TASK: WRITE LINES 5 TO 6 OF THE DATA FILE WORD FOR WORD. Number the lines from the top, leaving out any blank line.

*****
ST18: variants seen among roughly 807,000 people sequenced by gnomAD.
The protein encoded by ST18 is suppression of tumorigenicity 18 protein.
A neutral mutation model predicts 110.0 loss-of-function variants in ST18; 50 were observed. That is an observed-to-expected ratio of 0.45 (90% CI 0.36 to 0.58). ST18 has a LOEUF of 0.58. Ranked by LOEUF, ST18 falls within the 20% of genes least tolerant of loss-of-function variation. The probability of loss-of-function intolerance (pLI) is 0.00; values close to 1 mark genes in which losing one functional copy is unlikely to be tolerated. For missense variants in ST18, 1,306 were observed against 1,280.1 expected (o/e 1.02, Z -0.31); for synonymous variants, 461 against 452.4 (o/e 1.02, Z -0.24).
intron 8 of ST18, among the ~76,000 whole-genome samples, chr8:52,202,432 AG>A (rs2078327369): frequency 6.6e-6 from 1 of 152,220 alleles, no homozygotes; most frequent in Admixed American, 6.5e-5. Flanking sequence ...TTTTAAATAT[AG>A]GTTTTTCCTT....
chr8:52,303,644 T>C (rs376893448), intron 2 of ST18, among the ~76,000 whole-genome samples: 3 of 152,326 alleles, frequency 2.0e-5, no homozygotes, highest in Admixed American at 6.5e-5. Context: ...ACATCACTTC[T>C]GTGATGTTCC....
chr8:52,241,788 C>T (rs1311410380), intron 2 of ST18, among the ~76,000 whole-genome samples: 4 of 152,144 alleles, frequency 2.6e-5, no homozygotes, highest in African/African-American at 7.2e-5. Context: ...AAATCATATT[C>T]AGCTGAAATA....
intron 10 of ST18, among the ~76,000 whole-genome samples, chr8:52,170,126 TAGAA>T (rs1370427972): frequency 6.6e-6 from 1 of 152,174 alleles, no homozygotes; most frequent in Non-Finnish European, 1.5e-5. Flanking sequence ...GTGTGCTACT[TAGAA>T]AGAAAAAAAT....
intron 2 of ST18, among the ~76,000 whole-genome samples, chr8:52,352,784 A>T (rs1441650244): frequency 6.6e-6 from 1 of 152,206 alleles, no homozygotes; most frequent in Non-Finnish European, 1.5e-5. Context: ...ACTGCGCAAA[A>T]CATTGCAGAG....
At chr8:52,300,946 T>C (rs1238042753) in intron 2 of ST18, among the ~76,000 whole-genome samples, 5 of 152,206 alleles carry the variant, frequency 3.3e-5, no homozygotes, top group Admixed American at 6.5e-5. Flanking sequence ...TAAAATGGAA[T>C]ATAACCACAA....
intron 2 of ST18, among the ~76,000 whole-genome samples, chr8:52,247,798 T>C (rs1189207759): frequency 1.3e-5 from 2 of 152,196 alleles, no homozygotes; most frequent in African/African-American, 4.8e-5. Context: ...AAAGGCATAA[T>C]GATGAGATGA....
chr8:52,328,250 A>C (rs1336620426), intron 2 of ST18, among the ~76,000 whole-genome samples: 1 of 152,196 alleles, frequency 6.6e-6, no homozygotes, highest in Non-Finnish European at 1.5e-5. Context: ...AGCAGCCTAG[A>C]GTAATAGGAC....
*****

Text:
chr8:52,303,644 T>C (rs376893448), intron 2 of ST18, among the ~76,000 whole-genome samples: 3 of 152,326 alleles, frequency 2.0e-5, no homozygotes, highest in Admixed American at 6.5e-5. Context: ...ACATCACTTC[T>C]GTGATGTTCC....
chr8:52,241,788 C>T (rs1311410380), intron 2 of ST18, among the ~76,000 whole-genome samples: 4 of 152,144 alleles, frequency 2.6e-5, no homozygotes, highest in African/African-American at 7.2e-5. Context: ...AAATCATATT[C>T]AGCTGAAATA....